By David Jessop
In less than three months’ time, El Salvador intends becoming the first country in the world to make Bitcoin its official currency alongside the US dollar.
The country’s president, Nayib Bukele, a populist and media-savvy disruptor, says that his decision will generate employment, enable the financial inclusion of tens of thousands of the country’s citizens who operate outside the formal economy, and enable its large diaspora in the US and elsewhere to send money to their families more cheaply. The idea is that the government will guarantee convertibility to dollars at the time of transaction through a US$150mn trust fund created at the country’s development bank BANDESAL.
Others are far from sure how this will work.
The IMF says it needs to assess the legal, financial, macroeconomic and regulatory problems that may occur in relation to the US$1billion loan it is considering, and the World Bank has expressed an unwillingness to assist in implementation given Bitcoin’s ‘environmental and transparency drawbacks’. It is also unclear how the country will manage the risks inherent in its volatility: Bitcoin peaked in March at 58,734 to the US dollar before falling back to around 39,091 this month.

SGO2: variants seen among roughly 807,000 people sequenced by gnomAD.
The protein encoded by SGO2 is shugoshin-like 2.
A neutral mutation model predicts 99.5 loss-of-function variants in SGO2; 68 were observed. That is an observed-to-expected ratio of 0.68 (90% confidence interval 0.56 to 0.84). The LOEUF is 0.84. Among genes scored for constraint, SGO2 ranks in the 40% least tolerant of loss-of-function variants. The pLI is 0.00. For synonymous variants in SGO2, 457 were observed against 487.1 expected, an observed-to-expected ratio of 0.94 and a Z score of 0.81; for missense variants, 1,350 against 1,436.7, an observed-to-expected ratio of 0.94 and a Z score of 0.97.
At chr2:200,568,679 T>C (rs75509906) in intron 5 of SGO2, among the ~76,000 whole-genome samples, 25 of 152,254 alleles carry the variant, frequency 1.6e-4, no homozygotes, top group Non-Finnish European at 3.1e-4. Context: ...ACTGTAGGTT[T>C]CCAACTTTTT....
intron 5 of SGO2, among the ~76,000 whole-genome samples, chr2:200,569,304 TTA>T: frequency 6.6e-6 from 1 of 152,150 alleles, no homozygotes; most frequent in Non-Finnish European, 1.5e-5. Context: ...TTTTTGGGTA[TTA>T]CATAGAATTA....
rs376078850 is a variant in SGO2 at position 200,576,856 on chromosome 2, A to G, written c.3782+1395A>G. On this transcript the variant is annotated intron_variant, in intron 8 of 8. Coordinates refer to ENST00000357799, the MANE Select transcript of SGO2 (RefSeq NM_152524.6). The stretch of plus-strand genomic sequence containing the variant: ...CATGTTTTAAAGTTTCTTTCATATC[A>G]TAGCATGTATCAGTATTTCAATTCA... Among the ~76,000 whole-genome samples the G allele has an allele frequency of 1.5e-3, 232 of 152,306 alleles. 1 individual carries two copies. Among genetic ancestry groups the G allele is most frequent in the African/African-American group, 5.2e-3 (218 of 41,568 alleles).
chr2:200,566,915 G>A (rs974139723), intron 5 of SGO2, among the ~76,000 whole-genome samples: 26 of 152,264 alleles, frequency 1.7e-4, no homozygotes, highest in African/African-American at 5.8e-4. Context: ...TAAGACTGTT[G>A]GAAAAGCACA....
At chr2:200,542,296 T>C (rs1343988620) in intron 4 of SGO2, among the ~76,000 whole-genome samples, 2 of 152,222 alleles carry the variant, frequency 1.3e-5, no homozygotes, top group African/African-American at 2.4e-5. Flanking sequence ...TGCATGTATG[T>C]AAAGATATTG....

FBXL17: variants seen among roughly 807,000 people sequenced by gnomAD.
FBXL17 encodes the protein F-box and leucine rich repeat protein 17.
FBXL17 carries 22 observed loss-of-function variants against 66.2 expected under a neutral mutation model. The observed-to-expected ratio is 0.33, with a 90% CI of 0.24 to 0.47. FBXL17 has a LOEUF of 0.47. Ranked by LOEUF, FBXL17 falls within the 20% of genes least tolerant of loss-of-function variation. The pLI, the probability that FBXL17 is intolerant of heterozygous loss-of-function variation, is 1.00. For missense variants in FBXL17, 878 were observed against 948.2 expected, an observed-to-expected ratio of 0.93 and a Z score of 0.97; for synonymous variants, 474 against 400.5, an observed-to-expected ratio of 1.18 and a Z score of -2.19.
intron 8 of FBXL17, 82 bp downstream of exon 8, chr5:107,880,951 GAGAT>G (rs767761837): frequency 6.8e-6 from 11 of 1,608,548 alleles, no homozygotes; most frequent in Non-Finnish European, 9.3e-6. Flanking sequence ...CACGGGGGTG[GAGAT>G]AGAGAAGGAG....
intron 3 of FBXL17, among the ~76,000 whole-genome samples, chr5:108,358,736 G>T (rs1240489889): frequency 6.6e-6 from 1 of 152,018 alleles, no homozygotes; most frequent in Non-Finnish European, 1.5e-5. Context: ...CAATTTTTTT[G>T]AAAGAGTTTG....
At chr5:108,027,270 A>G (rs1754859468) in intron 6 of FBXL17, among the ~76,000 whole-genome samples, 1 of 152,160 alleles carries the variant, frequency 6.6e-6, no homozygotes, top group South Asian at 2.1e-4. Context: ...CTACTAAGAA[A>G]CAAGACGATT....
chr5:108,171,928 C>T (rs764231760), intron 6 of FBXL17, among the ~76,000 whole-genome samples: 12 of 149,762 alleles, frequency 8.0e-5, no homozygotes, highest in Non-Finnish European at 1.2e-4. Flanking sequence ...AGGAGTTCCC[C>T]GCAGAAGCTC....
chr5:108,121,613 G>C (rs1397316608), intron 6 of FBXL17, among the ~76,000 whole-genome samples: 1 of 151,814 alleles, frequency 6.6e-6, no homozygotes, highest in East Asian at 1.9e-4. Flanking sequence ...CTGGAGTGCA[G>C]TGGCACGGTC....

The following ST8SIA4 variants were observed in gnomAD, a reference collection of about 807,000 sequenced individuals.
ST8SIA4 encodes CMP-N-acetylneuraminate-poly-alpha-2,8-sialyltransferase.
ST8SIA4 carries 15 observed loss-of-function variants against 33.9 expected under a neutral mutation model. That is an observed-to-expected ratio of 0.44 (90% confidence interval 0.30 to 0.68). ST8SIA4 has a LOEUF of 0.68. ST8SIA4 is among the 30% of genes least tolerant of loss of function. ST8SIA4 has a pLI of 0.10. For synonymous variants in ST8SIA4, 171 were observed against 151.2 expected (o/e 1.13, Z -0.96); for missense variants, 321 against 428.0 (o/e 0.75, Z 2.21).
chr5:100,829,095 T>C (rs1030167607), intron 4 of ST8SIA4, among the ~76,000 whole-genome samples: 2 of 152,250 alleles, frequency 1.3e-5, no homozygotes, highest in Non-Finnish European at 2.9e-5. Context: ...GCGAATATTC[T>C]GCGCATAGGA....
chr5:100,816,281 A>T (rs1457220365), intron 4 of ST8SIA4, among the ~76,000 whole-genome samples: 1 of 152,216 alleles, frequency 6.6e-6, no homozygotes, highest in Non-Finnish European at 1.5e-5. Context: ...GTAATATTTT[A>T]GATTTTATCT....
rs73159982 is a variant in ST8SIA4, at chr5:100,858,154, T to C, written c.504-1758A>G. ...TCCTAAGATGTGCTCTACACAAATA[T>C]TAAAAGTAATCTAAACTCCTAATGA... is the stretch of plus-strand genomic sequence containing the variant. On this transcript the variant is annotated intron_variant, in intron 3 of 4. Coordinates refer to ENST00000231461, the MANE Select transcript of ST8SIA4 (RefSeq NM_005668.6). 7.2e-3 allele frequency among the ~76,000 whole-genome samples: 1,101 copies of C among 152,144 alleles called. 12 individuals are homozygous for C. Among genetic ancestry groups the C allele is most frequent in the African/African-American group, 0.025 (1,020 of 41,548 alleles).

Paradoxically, El Salvador is taking this uncharted course just as regulatory authorities around the world are exploring how they can manage the risks posed by cryptocurrencies.
In the last few days, the Basel Committee on Banking Supervision, the primary global standard-setter for regulation by central banks, has said that it is consulting on a proposal that would see digital currency assets placed into two differently managed groups. Cryptocurrencies, such as bitcoin, it said, will be subject to ‘a new conservative prudential treatment’ while others will be eligible for treatment under the existing Basel Framework for banks
The announcement follows an unrelated decision last month by the Financial Stability Committee of China’s State Council which announced it would ‘crackdown on Bitcoin mining and trading behaviour’. Subsequent commentary in China’s state media made clear that its financial institutions must not participate in or facilitate cryptocurrency transactions and criticised the profligate use of energy for Bitcoin mining. Though not stated, these developments may relate to work the country’s Central Bank is undertaking on the creation of a digital currency and electronic payment system for a Digital Yuan that may eventually be promoted as a global reserve currency.